INTRODUCTION Mortality and disability following ischemic stroke (IS) remains unacceptably high with respect to the conventional therapies. This study tested the effect of erythropoietin (EPO) on long-term neurological outcome in patients after acute IS. This study aimed to evaluate the safety and efficacy of two consecutive doses of EPO (5,000 IU/dose, subcutaneously administered at 48 hours and 72 hours after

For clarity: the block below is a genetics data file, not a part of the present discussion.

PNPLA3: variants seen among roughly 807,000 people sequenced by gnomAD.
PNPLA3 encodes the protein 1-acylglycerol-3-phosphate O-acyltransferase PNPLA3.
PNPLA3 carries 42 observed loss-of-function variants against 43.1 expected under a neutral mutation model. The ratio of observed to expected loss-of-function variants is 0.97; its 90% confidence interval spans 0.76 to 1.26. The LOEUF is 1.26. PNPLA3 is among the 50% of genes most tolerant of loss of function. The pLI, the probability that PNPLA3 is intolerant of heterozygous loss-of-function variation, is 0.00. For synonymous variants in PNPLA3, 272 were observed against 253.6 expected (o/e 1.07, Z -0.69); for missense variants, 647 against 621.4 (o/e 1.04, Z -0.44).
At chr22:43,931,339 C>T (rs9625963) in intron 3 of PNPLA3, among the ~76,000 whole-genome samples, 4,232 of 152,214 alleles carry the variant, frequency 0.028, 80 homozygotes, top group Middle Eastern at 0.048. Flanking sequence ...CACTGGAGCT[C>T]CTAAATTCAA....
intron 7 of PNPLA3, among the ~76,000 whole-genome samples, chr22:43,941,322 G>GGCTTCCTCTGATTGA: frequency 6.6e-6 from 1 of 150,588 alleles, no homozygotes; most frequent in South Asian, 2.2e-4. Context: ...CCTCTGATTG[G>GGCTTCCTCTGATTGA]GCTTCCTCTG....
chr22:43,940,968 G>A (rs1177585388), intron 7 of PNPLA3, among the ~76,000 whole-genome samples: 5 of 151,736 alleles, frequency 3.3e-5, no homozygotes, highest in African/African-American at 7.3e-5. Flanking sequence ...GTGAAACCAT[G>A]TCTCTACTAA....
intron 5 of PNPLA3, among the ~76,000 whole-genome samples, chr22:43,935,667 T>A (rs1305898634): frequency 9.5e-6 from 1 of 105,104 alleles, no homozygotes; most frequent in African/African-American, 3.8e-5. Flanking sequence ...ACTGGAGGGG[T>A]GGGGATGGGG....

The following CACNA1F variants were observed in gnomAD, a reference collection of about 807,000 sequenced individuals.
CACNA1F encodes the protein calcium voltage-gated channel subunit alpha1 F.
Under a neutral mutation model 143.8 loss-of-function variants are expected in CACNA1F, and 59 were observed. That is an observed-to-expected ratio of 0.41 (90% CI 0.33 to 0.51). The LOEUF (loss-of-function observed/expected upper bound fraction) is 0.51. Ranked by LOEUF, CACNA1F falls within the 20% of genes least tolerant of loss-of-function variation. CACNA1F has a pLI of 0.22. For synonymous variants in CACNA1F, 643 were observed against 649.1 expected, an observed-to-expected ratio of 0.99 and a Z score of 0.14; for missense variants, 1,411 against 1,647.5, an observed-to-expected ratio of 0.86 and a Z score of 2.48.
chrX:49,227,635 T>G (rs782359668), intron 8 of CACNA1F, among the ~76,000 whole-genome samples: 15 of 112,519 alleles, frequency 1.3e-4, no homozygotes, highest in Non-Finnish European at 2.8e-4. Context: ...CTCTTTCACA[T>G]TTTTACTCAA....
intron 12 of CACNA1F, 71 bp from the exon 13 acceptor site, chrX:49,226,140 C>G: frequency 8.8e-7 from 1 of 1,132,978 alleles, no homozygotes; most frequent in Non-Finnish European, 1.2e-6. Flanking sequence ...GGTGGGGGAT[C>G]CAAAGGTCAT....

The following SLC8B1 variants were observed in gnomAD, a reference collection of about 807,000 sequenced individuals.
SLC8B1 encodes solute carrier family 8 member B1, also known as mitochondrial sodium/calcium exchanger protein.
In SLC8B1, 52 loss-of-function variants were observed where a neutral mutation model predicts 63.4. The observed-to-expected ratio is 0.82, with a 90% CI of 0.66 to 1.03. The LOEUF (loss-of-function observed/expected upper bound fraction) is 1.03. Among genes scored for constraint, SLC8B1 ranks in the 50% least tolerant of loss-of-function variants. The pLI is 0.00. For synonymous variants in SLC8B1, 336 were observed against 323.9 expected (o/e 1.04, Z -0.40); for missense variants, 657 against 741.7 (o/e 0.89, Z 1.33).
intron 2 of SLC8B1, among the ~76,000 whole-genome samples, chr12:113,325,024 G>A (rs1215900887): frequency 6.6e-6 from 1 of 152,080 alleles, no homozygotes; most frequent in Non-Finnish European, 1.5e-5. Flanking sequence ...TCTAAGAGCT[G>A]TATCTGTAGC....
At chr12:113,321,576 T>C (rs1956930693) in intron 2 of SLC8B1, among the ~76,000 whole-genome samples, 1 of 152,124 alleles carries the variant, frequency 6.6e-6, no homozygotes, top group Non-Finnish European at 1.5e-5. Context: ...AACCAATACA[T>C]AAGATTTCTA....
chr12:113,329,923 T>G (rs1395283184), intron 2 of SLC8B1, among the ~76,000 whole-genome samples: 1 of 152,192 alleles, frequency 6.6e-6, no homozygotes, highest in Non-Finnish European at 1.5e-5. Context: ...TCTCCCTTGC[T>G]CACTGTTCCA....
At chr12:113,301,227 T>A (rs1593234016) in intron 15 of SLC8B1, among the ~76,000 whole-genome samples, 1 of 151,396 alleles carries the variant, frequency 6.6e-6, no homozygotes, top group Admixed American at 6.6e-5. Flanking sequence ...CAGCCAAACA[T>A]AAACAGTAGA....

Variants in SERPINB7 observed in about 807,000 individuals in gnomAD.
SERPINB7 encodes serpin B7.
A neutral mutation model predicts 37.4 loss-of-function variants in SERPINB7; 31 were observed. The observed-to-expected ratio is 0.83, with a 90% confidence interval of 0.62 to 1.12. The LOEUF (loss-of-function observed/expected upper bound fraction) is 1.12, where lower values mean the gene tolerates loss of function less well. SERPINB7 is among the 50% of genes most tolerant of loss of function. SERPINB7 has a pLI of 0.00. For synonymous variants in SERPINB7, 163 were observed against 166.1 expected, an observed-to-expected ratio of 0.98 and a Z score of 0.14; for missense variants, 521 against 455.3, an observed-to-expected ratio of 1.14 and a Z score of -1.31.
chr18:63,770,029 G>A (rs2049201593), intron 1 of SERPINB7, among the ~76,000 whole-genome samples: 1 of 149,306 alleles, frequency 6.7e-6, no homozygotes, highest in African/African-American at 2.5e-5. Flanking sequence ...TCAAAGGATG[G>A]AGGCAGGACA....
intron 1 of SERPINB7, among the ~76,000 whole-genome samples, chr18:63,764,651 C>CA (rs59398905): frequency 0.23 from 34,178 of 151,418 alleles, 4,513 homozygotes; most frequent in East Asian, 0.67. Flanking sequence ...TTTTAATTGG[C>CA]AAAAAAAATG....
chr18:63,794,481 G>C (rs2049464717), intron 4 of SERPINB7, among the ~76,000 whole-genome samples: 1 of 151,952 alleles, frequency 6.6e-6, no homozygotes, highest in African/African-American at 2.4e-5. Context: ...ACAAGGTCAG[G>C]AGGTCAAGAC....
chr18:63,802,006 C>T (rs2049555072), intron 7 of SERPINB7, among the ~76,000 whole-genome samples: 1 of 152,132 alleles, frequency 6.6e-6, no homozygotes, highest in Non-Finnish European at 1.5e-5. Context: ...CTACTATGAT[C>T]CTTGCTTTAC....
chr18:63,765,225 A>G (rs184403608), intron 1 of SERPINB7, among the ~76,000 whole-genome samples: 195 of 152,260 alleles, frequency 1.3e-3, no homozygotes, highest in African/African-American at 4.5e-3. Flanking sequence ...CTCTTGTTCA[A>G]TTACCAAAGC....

acute IS) on improving the 90-day combined endpoint of recurrent stroke or death that has been previously reported. A secondary objective was to evaluate the long-term (that is, five years) outcome of patients who received EPO. METHODS This was a prospective, randomized, placebo-controlled trial that was conducted between October 2008 and March 2010 in a tertiary referral center. IS stroke patients who were eligible for EPO therapy were enrolled into the study. RESULTS The results showed that long-term recurrent stroke and mortality did not differ between group 1 (placebo-control; n=71) and group 2 (EPO-treated; n=71). Long-term Barthel index of <35 (defining a severe neurological deficit) was lower in group 2 than group 1 (P=0.007). Multiple-stepwise logistic-regression analysis showed that EPO therapy was significantly and independently predictive of freedom from a Barthel index of <35 (P=0.029). Long-term major adverse neurological event (MANE; defined as: death, recurrent stroke, or long-term Barthel index<35) was lower in group 2 than group 1 (P=0.04). Log-Rank test showed that MANE-free rate was higher in group 2 than group 1 (P=0.031). Multiple-stepwise Cox-regression analysis showed that EPO therapy and higher Barthel Index at day 90 were independently predictive of freedom from long-term MANE (all P <0.04). CONCLUSION EPO therapy significantly improved long-term neurological outcomes in patients after IS. TRIAL REGISTRATION ISRCTN71371114 . Registered 10 October 2008.